ENGL-121 transfers as university-parallel freshman English. It guides students through the expository writing process through close reading of contemporary critical discourse and teaches the rhetorical arts of argument and persuasion through critical thinking, reading and research. Students will develop an understanding of themselves as readers and writers of world cultures who participate with others in responsible public discourse and have moral and ethical responsibilities in that discourse; students will also examine the relationship among writer, audience, and purpose, and practice writing prose through a recursive process. Students completing this course should be able to write persuasive, researched and documented essays (of at least 1,000 words) demonstrating the conventions of standard written English and manuscript presentation.
Prerequisite: Eligibility to enroll in ENGL-121 is based on English placement test scores or the successful completion of required developmental English course work. (3 hours weekly).
DH 243(office hours by appointment)
Statement on General Education and Liberal Learning
A liberal education prepares students to lead ethical, productive, and creative lives and to understand how the pursuit of lifelong learning and critical thinking fosters good citizenship. General education courses form the core of a liberal education within the higher education curriculum and provide a coherent intellectual experience for all students by introducing the fundamental concepts and methods of inquiry in the areas of mathematics, the physical and natural sciences, the social sciences, the arts and the humanities, and composition. This course is part of the general education core experience at Howard Community College.
Overall Course Objectives
Upon completion of this course the student will be able to:
- Demonstrate an understanding of various writing invention strategies for generating ideas and gathering information;
- Demonstrate an understanding of the relationships among writer, audience, and purpose;
- Formulate clear thesis statements;
- Organize ideas logically and appropriately to support the thesis statement;
- Edit, revise, and proofread to achieve more effective communication of ideas;
- Provide constructive feedback to another student’s writing in a workshop setting;
- Use study skills and techniques for answering in-class essay exam questions;
- Employ critical thinking skills as a writer;
- Apply various editorial and revision strategies to enhance communication;
- Demonstrate in writing awareness of an appreciation for other world cultures.
- Demonstrate the ability to use word-processing, appropriate software programs, and electronic resources for writing and revision;
- Effectively locate, evaluate and incorporate several sources of information using library resources and electronic media;
- Demonstrate the primary principles of scholarly inquiry and research;
- Demonstrate advanced conceptual skills and knowledge of researched essay conventions and documentation (MLA or APA).
I. Writing as a Recursive Process
II. Creating the Expository and Persuasive Essay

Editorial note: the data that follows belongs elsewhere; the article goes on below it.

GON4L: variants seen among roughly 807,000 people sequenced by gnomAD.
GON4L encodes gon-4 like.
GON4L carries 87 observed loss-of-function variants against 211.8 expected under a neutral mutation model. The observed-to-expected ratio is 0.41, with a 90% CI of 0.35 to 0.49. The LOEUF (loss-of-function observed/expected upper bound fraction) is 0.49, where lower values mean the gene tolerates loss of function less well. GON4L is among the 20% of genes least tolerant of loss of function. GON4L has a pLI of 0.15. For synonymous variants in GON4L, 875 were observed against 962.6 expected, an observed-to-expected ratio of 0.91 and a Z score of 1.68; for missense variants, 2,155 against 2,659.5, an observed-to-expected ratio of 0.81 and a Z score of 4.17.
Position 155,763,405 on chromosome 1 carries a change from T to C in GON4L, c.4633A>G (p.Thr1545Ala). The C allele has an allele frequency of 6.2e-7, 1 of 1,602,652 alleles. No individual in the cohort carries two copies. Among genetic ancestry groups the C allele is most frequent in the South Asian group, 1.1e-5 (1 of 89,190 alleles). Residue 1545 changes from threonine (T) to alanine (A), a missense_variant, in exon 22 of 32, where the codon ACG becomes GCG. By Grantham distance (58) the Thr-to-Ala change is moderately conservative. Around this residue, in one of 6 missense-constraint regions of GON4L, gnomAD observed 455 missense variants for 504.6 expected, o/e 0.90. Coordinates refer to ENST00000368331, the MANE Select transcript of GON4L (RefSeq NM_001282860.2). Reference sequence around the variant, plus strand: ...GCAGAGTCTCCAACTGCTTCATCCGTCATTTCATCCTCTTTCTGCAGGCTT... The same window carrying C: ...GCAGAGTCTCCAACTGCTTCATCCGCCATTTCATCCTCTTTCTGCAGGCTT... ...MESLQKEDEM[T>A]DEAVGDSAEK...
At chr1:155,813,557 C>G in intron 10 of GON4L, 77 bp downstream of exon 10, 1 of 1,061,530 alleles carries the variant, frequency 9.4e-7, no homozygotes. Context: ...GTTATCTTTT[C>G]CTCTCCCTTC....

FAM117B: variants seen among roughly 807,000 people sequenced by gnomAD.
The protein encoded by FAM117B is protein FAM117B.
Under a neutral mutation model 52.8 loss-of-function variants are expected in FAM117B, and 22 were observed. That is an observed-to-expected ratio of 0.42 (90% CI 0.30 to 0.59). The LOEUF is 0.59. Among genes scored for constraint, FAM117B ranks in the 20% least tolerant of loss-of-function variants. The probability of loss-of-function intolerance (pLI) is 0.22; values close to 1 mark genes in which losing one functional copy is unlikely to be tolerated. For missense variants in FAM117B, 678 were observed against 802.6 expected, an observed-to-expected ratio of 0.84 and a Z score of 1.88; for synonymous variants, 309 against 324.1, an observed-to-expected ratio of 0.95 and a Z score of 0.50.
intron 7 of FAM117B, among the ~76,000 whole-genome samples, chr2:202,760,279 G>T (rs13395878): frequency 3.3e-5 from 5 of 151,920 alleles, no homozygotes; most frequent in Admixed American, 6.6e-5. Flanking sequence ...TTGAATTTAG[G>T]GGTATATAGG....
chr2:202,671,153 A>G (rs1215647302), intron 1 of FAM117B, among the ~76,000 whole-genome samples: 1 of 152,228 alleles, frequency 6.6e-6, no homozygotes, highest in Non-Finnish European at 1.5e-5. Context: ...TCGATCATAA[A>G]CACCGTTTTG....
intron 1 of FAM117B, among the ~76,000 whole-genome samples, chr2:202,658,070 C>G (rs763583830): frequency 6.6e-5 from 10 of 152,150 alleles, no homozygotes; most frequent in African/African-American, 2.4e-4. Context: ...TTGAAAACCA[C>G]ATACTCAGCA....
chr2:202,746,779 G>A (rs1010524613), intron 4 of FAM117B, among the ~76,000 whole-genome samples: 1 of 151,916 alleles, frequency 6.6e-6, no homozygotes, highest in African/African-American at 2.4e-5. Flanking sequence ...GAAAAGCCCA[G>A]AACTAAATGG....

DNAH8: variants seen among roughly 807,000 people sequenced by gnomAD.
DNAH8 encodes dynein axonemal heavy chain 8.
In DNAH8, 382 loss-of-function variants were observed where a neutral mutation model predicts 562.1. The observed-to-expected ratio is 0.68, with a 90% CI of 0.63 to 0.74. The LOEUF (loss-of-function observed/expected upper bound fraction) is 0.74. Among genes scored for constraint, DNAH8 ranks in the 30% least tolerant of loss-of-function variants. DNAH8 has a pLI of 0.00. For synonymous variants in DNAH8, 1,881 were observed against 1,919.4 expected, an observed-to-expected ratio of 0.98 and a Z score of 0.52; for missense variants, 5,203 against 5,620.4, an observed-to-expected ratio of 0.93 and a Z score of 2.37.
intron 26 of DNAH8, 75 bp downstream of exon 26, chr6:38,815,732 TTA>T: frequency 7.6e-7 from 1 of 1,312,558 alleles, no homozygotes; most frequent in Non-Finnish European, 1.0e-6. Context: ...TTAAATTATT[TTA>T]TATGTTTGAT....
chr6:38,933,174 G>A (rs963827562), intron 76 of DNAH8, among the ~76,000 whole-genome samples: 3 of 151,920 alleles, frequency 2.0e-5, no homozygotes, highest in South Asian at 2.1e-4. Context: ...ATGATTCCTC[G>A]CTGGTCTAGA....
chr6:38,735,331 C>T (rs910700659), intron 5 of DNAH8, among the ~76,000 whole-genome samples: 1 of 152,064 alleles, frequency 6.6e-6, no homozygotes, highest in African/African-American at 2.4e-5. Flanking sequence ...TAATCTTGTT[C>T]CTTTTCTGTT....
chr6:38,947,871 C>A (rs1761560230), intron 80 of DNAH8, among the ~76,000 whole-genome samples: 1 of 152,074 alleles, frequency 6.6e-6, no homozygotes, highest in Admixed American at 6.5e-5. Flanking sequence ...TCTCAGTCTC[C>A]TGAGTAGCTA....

III. Employing Effective Library and Electronic Research Techniques
IV. Documenting Sources
V. Writing the Effective Research Paper
VI. Writing with Authority and Integrity
Specific assignments and procedures for evaluating student performance in the class (i.e., grading) will be described in the individual class syllabus, but all sections will include the following:
- Students will produce 15-20 pages of formal writing in at least four discrete essays, including one researched, documented essay of at least 1,000 words.
- Students will write, at least, one in-class essay in response to an exam prompt or question.
- At least 80% of the final grade will be based upon writing, both formal and informal.
- ENGL-121 approaches writing as a continual process of learning in which assignments are interdependent; therefore, students must complete all formal assignments to successfully complete the course.
Other Course Information
ENGL-121 is a Composition Core course.
On HCC’s main campus, this course is taught in a networked, computerized environment.
- Is not self-paced. We will work together on a weekly schedule of required readings, written responses, and drafts. I will give you a schedule with the due dates of all major assignments during the first week of classes. The workload, course content, and writing assignments are equal to those in a regular classroom section of English 121.
- does have a course Canvas page that you will access several times a week at your own convenience. All class readings and assignments will be discussed on this site.
- Does not require an on-campus exam.
- Does not require real-time chats. We will communicate with emails and weekly postings on an online bulletin board.
- If you decide to take ENGL 121 in this format, you should like working on computers, be self-motivated, and be prepared to do significant amounts of work outside of class. This format is not for you if you have a tendency to procrastinate.
- This course does not have a face-to-face orientation. There is an online orientation highlighted on the opening page of our class Canvas page. Please check my email message to you on the first day of class for more information about the orientation.
- Review the "What you should know before you register"section of the Distance learning Homepage.
- Formal Essays.
- Weekly repsonses to various readings.
- Weekly peer responses.
- Weekly online contact with the instrucor via email.
Texts and Materials
Textbook information: To visit our bookstore's online sales site, please visit www.howardccbooks.com and follow the instructions for selecting textbooks.
Exams: Exams may be completed at home (open book).
If you have any questions or comments about this course, please send a message to mailto:firstname.lastname@example.org